to find for C#, and I don't really want to pay what Rational charges
for something as simple as a coverage tool.

<snip>

One possible way to do this would be to "hook" the C# compiler and
insert "logging" calls at the top and bottom of each method in the output
assembly. Such a technique is described here (but for a different purpose):

http://codeproject.com/dotnet/model_...nts_in_net.asp

As you'll see, it's decidedly non-trivial, which could explain why
Rational charges so much.

Regards,
Dan
Jul 21 '05 #4
Here's a better article (same technique, though):

"Daniel Pratt" <ko******************@hotmail.com> wrote in message
news:ub**************@TK2MSFTNGP09.phx.gbl...
Hi tjm,

"tjm" <tj***@rocketmail.com> wrote in message
news:a5**************************@posting.google.c om...
Pure coverage from Rational is the only coverage tool I've been able
to find for C#, and I don't really want to pay what Rational charges
for something as simple as a coverage tool. <snip>

One possible way to do this would be to "hook" the C# compiler and
insert "logging" calls at the top and bottom of each method in the output
assembly. Such a technique is described here (but for a different

purpose):
http://codeproject.com/dotnet/model_...nts_in_net.asp

As you'll see, it's decidedly non-trivial, which could explain why
Rational charges so much.

Regards,
Dan

Jul 21 '05 #5
Darned itch trigger finger! Anyway...here's a better article (same
technique, though):
http://msdn.microsoft.com/msdnmag/is...f/default.aspx

"Daniel Pratt" <ko******************@hotmail.com> wrote in message
news:ub**************@TK2MSFTNGP09.phx.gbl...
Hi tjm,

"tjm" <tj***@rocketmail.com> wrote in message
news:a5**************************@posting.google.c om...
Pure coverage from Rational is the only coverage tool I've been able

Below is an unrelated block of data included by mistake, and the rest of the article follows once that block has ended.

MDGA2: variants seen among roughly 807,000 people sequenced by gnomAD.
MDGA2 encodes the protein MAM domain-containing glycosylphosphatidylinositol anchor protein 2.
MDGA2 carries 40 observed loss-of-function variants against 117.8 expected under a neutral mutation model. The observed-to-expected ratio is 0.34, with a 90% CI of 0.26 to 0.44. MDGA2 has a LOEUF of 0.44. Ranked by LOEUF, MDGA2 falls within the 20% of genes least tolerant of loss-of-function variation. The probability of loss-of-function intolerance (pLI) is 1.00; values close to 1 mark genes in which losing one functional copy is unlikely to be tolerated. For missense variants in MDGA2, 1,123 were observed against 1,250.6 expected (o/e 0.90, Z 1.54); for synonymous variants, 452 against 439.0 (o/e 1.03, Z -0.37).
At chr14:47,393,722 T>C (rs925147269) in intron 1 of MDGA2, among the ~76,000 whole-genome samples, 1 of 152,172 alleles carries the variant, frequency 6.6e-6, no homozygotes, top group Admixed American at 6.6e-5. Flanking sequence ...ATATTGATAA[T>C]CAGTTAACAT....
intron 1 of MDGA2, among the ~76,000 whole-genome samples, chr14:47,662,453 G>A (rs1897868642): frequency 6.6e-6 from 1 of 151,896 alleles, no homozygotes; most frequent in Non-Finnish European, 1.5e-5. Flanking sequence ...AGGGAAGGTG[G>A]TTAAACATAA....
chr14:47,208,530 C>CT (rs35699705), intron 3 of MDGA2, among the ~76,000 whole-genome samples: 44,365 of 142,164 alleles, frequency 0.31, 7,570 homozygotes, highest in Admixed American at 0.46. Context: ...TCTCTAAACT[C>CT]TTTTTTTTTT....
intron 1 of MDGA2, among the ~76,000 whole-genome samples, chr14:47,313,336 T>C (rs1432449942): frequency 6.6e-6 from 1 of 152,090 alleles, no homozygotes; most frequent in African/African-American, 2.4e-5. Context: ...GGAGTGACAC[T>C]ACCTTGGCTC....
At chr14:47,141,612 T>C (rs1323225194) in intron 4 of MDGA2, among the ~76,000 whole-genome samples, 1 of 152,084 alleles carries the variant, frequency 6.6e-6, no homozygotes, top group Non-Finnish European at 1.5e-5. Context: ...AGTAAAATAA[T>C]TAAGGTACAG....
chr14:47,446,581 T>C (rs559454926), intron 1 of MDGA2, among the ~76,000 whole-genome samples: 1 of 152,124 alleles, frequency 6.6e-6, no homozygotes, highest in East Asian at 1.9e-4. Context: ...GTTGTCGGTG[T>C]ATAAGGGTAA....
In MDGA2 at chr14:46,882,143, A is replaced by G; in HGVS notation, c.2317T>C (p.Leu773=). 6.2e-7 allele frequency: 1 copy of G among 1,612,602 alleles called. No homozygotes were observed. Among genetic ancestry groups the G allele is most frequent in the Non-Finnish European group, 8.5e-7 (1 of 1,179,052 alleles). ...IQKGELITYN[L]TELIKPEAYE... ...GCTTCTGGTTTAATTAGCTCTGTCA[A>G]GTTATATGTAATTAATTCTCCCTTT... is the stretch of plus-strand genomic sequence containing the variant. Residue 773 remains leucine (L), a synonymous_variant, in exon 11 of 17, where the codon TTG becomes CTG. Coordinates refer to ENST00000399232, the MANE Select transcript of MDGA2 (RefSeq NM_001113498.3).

to find for C#, and I don't really want to pay what Rational charges
for something as simple as a coverage tool. <snip>

One possible way to do this would be to "hook" the C# compiler and
insert "logging" calls at the top and bottom of each method in the output
assembly. Such a technique is described here (but for a different

purpose):
http://codeproject.com/dotnet/model_...nts_in_net.asp

As you'll see, it's decidedly non-trivial, which could explain why
Rational charges so much.

Regards,
Dan

Jul 21 '05 #6
CoreDbg ships as a sample application which is built on the Runtime Debug API set. It supports both managed and native debugging but is primarily for debugging managed code. While it should be possible to implement some form of code coverage assessment tool using the debug API the performance would probably not be very good.

If you are seriously considering implementing your own code coverage tool their are some options but they will pretty much all require some significant compromises. The best way to achieve code coverage is to instrument the binaries of your application under test (as previously mentioned on this thread this is typically done in conjunction with the compiler or as a subsequent pass over the binary/IL code) but it is very technically challenging and time consuming. A modified approach would be to identify a subset of your code as of interest (possibly as simple as function entries) and use debug trace mechanisms to optional log to shared memory when each unique code segment is accessed. I have used techniques similar to this for performance testing of critical pieces of an application. The debug trace code would be compiled out of your shipping code.
Jul 21 '05 #7